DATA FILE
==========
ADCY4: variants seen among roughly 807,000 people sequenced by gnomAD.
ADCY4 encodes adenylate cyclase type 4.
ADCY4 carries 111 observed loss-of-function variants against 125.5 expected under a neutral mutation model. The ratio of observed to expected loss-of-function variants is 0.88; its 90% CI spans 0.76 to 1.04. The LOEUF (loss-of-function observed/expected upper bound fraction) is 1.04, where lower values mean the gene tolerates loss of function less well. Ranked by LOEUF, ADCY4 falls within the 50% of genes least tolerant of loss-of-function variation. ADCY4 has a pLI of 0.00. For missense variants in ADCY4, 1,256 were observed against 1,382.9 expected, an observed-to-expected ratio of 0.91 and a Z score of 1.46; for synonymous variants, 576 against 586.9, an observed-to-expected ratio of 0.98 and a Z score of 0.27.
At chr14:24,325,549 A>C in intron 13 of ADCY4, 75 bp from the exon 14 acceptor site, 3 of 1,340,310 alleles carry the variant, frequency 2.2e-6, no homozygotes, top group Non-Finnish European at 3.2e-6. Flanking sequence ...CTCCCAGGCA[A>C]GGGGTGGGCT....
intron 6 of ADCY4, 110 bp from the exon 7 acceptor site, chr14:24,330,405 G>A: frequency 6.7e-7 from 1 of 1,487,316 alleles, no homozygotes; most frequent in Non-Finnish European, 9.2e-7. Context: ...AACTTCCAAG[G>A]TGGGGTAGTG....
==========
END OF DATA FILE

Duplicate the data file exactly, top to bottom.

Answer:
ADCY4: variants seen among roughly 807,000 people sequenced by gnomAD.
ADCY4 encodes adenylate cyclase type 4.
ADCY4 carries 111 observed loss-of-function variants against 125.5 expected under a neutral mutation model. The ratio of observed to expected loss-of-function variants is 0.88; its 90% CI spans 0.76 to 1.04. The LOEUF (loss-of-function observed/expected upper bound fraction) is 1.04, where lower values mean the gene tolerates loss of function less well. Ranked by LOEUF, ADCY4 falls within the 50% of genes least tolerant of loss-of-function variation. ADCY4 has a pLI of 0.00. For missense variants in ADCY4, 1,256 were observed against 1,382.9 expected, an observed-to-expected ratio of 0.91 and a Z score of 1.46; for synonymous variants, 576 against 586.9, an observed-to-expected ratio of 0.98 and a Z score of 0.27.
At chr14:24,325,549 A>C in intron 13 of ADCY4, 75 bp from the exon 14 acceptor site, 3 of 1,340,310 alleles carry the variant, frequency 2.2e-6, no homozygotes, top group Non-Finnish European at 3.2e-6. Flanking sequence ...CTCCCAGGCA[A>C]GGGGTGGGCT....
intron 6 of ADCY4, 110 bp from the exon 7 acceptor site, chr14:24,330,405 G>A: frequency 6.7e-7 from 1 of 1,487,316 alleles, no homozygotes; most frequent in Non-Finnish European, 9.2e-7. Context: ...AACTTCCAAG[G>A]TGGGGTAGTG....